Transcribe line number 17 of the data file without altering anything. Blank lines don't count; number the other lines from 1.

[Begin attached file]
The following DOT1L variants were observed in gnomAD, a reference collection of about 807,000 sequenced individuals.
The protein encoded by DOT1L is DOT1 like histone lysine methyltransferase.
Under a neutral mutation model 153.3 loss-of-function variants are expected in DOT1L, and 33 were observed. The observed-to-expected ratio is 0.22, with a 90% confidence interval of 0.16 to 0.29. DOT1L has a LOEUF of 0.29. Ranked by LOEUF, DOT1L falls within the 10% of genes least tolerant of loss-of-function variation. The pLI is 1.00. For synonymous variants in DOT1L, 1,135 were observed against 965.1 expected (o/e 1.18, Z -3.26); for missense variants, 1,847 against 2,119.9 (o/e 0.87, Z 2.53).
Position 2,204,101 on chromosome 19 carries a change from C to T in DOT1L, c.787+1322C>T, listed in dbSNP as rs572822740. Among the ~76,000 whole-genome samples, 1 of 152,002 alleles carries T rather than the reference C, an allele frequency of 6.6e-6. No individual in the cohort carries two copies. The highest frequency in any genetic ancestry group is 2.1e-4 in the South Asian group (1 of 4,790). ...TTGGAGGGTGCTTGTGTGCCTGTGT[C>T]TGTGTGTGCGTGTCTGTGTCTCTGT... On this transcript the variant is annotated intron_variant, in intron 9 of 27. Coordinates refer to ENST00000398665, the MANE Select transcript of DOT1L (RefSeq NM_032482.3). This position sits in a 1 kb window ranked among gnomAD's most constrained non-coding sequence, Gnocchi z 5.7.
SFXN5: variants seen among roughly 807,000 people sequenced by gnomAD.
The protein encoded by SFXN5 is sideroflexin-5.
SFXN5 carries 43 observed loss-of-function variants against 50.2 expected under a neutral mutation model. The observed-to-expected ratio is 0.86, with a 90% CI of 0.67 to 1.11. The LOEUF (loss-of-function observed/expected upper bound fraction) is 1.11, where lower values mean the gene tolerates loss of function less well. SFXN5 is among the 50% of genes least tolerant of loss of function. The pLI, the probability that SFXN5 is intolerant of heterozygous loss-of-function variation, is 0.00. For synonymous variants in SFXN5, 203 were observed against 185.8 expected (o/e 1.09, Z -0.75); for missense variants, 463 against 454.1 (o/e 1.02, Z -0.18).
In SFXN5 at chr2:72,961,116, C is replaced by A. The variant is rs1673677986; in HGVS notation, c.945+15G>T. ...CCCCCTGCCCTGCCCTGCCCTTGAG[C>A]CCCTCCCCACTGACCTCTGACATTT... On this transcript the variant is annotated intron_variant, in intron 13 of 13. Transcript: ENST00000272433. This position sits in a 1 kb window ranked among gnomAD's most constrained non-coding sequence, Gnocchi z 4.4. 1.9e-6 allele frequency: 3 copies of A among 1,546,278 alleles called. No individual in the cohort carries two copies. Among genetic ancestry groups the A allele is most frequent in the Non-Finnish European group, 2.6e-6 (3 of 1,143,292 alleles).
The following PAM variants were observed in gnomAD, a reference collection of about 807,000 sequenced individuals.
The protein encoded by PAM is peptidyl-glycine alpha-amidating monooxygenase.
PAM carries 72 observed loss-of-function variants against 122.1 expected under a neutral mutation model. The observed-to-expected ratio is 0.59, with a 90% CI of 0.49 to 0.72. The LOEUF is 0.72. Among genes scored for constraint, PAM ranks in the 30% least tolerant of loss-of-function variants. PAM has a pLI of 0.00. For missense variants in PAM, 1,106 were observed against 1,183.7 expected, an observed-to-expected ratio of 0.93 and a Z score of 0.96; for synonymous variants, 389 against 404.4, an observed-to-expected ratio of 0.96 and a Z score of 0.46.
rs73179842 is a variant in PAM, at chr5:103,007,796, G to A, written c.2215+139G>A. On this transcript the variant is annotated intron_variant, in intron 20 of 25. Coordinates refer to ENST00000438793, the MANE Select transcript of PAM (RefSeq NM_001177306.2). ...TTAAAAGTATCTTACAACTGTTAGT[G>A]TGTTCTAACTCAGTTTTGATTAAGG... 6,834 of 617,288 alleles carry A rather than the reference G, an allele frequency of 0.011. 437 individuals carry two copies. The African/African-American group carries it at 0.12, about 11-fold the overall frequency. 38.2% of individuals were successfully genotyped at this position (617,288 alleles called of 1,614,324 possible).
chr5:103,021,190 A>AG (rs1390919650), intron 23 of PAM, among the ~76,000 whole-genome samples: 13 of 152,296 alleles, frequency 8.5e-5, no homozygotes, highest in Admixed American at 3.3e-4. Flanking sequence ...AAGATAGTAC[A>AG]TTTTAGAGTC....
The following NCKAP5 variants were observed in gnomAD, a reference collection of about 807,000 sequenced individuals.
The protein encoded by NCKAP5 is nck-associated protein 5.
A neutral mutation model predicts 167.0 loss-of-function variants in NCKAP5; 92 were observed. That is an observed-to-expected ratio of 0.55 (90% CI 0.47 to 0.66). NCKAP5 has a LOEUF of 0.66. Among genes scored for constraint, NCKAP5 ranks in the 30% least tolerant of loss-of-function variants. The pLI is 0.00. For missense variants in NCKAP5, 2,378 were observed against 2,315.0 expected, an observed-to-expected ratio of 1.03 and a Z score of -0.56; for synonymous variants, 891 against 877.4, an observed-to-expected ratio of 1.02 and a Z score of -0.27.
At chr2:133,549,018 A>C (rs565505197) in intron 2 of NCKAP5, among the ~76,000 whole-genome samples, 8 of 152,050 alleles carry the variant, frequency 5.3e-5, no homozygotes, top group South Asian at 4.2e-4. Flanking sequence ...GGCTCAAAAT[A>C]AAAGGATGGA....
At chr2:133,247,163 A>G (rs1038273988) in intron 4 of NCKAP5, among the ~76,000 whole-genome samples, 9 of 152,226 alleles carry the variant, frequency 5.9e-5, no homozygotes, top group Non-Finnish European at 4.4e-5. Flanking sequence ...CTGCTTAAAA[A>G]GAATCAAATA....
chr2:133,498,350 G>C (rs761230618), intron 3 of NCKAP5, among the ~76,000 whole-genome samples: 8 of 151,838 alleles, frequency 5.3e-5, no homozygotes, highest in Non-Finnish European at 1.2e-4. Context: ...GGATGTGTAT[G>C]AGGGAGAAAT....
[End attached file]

At chr2:133,549,018 A>C (rs565505197) in intron 2 of NCKAP5, among the ~76,000 whole-genome samples, 8 of 152,050 alleles carry the variant, frequency 5.3e-5, no homozygotes, top group South Asian at 4.2e-4. Flanking sequence ...GGCTCAAAAT[A>C]AAAGGATGGA....